The Canadian province of British Columbia (B.C.) is the latest tax jurisdiction where new rules taxing foreign-supplied digital services went live. The rules in B.C. went live on April 1, 2021.
The B.C. government had previously placed their plans on hold. As a result of British Columbia's COVID-19 Action Plan, the expansion of tax registration requirements to foreign suppliers of digital services had been postponed. The original introduction date was July 1, 2020. The postponement also applied to Canadian sellers of goods.
In early September the B.C. Ministry of Finance issued a notice confirming that Provincial Sales Tax (PST) at a rate of 7% must be applied on foreign-supplied digital service sales to B.C. residents from April 1, 2020.
The original taxation move was announced in mid-February during the province’s 2020 Budget. The detail was included in this section of the B.C. budget (updated on September 2 to apply new date):
“Effective April 1, 2021, Canadian sellers of goods and Canadian and foreign sellers of software and telecommunication services are required to register to collect PST if specified B.C. revenues exceed $10,000.”
This information means that BC’s population of over 5 million is the latest global region to change taxation rules relating to the consumption of digital content from overseas.
Note the inclusion of a sales threshold of CAD$10,000 in the B.C. budget quote above. For context, back in January 2019, Québec included a CAD$30,000 threshold in its Québec Sales Tax reform while there is no sales threshold in Saskatchewan.
In a statement quoted by Canada's Global News website, the B.C. Ministry of Finance gave some context to this taxation amendment, one that reflects the reality of these global taxation reforms:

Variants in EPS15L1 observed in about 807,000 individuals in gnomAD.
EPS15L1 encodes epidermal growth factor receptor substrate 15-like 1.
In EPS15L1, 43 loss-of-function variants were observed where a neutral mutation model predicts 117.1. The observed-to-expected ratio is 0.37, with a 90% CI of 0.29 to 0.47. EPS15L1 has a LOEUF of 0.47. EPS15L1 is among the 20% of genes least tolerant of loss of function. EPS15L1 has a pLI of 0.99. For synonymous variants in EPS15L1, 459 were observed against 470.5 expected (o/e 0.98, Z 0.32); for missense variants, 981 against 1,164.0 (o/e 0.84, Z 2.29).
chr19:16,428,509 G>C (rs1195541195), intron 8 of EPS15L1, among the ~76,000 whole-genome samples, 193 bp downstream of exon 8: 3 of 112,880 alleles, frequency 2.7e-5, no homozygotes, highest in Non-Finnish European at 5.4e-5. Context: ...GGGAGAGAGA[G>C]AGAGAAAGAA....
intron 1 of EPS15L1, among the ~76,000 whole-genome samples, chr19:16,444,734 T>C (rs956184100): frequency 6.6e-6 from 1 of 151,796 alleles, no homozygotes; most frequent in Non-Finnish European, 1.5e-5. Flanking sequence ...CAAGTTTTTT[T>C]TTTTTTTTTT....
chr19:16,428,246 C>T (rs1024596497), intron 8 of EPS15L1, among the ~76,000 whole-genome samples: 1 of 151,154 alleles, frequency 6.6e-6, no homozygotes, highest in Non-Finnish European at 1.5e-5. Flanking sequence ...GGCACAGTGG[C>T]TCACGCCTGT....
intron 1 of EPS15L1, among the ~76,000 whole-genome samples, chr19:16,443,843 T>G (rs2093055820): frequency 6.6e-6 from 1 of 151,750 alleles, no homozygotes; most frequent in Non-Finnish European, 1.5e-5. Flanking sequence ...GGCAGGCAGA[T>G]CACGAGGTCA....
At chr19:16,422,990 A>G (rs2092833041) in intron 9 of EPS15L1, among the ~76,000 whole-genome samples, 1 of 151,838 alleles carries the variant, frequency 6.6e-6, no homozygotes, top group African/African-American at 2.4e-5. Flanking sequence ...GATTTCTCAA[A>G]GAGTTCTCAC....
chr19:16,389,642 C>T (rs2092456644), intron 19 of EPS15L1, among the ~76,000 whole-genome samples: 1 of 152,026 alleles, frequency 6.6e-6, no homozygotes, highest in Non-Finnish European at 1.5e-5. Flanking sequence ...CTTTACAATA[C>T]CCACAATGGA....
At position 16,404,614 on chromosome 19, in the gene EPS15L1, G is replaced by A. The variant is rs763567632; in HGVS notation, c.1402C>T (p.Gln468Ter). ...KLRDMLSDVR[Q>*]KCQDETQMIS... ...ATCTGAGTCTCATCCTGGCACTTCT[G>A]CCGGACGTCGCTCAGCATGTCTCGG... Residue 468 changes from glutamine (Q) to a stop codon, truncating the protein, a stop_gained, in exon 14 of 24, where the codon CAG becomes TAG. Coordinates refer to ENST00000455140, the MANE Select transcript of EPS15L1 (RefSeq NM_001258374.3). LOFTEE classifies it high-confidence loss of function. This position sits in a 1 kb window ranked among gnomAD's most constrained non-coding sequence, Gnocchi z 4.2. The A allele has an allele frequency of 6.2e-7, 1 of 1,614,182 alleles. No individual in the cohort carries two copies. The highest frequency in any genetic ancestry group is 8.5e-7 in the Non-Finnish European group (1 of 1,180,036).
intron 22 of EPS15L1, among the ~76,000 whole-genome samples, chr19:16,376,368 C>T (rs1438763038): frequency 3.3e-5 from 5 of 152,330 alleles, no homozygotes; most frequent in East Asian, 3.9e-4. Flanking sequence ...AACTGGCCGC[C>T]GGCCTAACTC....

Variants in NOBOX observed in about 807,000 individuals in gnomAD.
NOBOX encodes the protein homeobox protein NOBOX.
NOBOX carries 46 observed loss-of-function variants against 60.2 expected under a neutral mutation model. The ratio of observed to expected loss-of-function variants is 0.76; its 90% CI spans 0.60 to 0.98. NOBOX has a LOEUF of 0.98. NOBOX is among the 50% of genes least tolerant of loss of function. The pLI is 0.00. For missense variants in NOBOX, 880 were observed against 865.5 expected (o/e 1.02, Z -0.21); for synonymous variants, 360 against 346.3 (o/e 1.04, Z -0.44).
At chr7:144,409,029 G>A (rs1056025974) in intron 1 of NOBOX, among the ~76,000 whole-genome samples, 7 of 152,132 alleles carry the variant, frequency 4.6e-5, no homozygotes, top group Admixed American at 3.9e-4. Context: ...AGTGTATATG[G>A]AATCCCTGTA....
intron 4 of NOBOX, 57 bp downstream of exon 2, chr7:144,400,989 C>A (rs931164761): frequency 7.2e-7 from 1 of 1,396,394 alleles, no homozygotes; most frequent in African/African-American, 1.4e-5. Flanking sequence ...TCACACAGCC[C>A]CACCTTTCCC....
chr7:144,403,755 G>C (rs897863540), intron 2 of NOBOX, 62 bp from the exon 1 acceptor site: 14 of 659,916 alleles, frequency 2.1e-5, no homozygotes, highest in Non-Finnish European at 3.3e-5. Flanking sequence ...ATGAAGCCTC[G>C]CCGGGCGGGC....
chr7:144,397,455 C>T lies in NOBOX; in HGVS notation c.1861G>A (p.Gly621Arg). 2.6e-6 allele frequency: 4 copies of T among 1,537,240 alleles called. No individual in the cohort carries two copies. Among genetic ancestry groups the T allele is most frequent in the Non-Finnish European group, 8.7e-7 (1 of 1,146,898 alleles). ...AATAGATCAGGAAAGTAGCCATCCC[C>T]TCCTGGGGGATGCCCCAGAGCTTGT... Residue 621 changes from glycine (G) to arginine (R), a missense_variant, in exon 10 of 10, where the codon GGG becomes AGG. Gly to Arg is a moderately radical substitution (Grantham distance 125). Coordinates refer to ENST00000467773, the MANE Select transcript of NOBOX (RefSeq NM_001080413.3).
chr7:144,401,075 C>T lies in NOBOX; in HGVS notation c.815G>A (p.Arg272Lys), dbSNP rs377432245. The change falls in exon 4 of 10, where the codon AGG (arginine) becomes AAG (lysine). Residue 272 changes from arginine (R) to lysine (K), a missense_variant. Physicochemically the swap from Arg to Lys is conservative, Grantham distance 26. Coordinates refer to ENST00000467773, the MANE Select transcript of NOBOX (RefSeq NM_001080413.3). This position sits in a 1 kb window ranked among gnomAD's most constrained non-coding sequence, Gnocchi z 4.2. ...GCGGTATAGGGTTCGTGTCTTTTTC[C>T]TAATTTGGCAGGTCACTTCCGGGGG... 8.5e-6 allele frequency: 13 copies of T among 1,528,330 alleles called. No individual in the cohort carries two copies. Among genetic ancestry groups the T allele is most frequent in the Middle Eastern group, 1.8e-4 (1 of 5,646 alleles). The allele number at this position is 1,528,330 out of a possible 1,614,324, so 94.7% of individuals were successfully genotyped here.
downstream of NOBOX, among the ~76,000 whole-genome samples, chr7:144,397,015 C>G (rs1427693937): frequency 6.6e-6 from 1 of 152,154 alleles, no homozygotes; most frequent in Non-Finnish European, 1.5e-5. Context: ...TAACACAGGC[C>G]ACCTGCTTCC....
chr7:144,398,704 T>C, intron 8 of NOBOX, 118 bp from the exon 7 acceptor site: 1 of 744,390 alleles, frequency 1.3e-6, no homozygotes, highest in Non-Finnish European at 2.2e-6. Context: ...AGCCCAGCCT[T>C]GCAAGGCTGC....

“B.C. has had a sales tax in place since 1948 — that has not changed. However, as people have shifted to buying more and more goods and services online, legislation in many jurisdictions hasn’t kept pace. Clarifying registration requirements will future-proof our tax system as the shift to digital purchasing continues.”
Such rules are also typically introduced as a means to raise revenue for tax authorities across the globe. According to CBC news British Columbia "estimates the tax will generate CAD$11 million for the 2020/2021 fiscal year and CAD$16 million for the following fiscal year."
Here at Taxamo, we always believed that there would be a federal tax rule change, a view that was further bolstered by the B.C. sales tax reform.
We were proved correct when the Canadian Revenue Agency (CRA) revealed plans in late November 2020 to reform the country's GST/HST system to bring foreign-supplied digital services into scope. The changes come into effect on July 1, 2021. You can read more on this move here.
The reasoning behind the move is explained in this CRA Statement: "To improve the collection of the GST/HST and level the playing field between resident and non-resident vendors, the Government proposes that non-resident vendors supplying digital products or services (including traditional services) to consumers in Canada be required to register for the GST/HST and to collect and remit the tax to the CRA [Canada Revenue Agency] on their taxable supplies to Canadian consumers."
Previously, in January 2019, the Canadian province of Québec introduced new rules extending its sales tax system to the cross-border supply of digital services by non-resident companies. Saskatchewan did likewise.
These introductions have been considered a success with more revenue collected than expected. The new rules required foreign vendors without a PE or significant presence in Québec to register for and collect Québec sales tax (QST) on their sales to Québec-based consumers. They do so via a simplified registration system. More here on our Québec-specific blog.
The information contained in this publication (“Information”) has been provided to you for general information purposes only and we recommend that you obtain professional advice before acting or refraining from action as a result of the Information. Taxamo accepts no liability for any loss occasioned to any person acting or refraining from action as a result of the Information.
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